Thursday, January 25, 2001

Taft's honeymoon could be over

Problems: Education, economy

By Howard Wilkinson
The Cincinnati Enquirer

        COLUMBUS — One of the first things out of the mouth of Ohio Gov. Bob Taft on Wednesday as he stood before the Ohio General Assembly to deliver his third State of the State address was that he believes he has “the best job in the world.”

        Check with him in about a year.

        Wednesday's speech marked the turning point of the governor from Cincinnati's first term.

        He has evolved from being a new governor enjoying good economic times and an extended honeymoon to a statehouse veteran facing perilous issues and entering the dangerous waters of a re-election campaign.

        After his 40-minute address in a packed House chamber, Ohio House and Senate Democrats were nearly knocking each other over to get to reporters to talk about what they saw as the inadequacies of Mr. Taft's plans on education funding reform and the looming energy crisis.

        “It seems to me he has tried to avoid the issue,” State Sen. Mark Mallory, D-Cincinnati, said of school funding portion of Mr. Taft's “building blocks” plan to re form Ohio's public education. “I was listening for a bold initiative and I didn't hear one.”

        Mr. Taft may have gotten a free pass on difficult issues in his first two years in office. He focused on mom-and-apple-pie initiatives like his “OhioReads” volunteer program.

        But now, with the state's economic situation worsening and the vexing problem of replacing an unconstitutional school funding formula, everything he says and does will be critiqued by political adversaries among the Democrats and even within his own Republican Party.

        The school funding question, with the state under an Ohio Supreme Court dead line of June 15 to come up with a new school funding plan, is the most immediate political land mine.

        On Wednesday, not only did the governor not present a politically risky plan that would have shifted the burden to tax sources other than property taxes, he seemed to be passing the responsibility for coming up with a funding solution directly to the GOP-controlled legislature.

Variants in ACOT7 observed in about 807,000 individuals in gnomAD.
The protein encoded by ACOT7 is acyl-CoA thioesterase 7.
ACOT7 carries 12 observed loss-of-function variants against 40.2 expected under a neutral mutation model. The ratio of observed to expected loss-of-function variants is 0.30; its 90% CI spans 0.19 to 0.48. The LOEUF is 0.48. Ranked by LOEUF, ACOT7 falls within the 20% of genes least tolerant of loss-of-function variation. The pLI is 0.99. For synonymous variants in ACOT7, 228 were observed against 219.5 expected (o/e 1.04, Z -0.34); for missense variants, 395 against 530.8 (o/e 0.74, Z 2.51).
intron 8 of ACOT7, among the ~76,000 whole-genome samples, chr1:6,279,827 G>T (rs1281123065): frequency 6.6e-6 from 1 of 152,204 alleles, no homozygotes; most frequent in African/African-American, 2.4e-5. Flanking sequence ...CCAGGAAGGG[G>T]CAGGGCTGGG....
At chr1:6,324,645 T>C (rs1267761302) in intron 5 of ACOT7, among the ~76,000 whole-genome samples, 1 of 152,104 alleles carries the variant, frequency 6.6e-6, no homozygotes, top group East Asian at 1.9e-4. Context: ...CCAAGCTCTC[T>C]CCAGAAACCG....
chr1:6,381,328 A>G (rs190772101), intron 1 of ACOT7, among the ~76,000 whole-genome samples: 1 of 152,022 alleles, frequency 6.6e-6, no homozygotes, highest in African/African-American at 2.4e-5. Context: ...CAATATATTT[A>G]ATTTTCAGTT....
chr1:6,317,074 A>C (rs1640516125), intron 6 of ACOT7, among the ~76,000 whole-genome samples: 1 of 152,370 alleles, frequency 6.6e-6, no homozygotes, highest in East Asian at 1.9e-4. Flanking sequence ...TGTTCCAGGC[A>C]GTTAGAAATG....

Immediately after the speech, Ohio Senate President Richard Finan, R-Evendale, who had been holding off announcing a new school funding plan until the governor offered his version, said he would have to put the Senate Republicans' plan before the Ohio General As sembly.

        When the governor announced “Operation Thaw” — his plan for one-time tax credits and moratorium on utility shutoffs in the face of skyrocketing energy costs — the legislative Democrats called it too little. too late.

        Mr. Taft, in his speech, seemed to be preparing Ohioans for some bad news. In the weeks before George W. Bush took office, Mr. Bush's people were on the talk shows talking about how they believe a recession is coming. It was seen as a political move aimed at creating a climate where a Bush tax cut might pass Congress.

        “Our economy is slowing; revenues are down,” Mr. Taft said. “Ohioans are con cerned about the future.”

        If he is right and the state does plunge into another period of job loss and economic slowdown, it could give some impetus to the Democrats who are mulling over whether they want to take on a sitting Republican governor.

        U.S. Rep. Sherrod Brown, D-Lorain, is thinking about a run for governor, as is the mayor of Columbus, Michael Coleman, and Cuyahoga County Commissioner Jane Campbell.

        Life has been pretty good for Mr. Taft the past two years, but the bucket of cold water may be about to be tossed in his face.

        It is enough to give a Democratic gubernatorial wannabe a reason to live.

State of the State
Excerpts of the State of the State address delivered Wednesday by Gov. Bob Taft.
Grants will help with heating bills
Plan skips funding fix for schools, some say
- Taft's honeymoon could be over
Taft's initiatives

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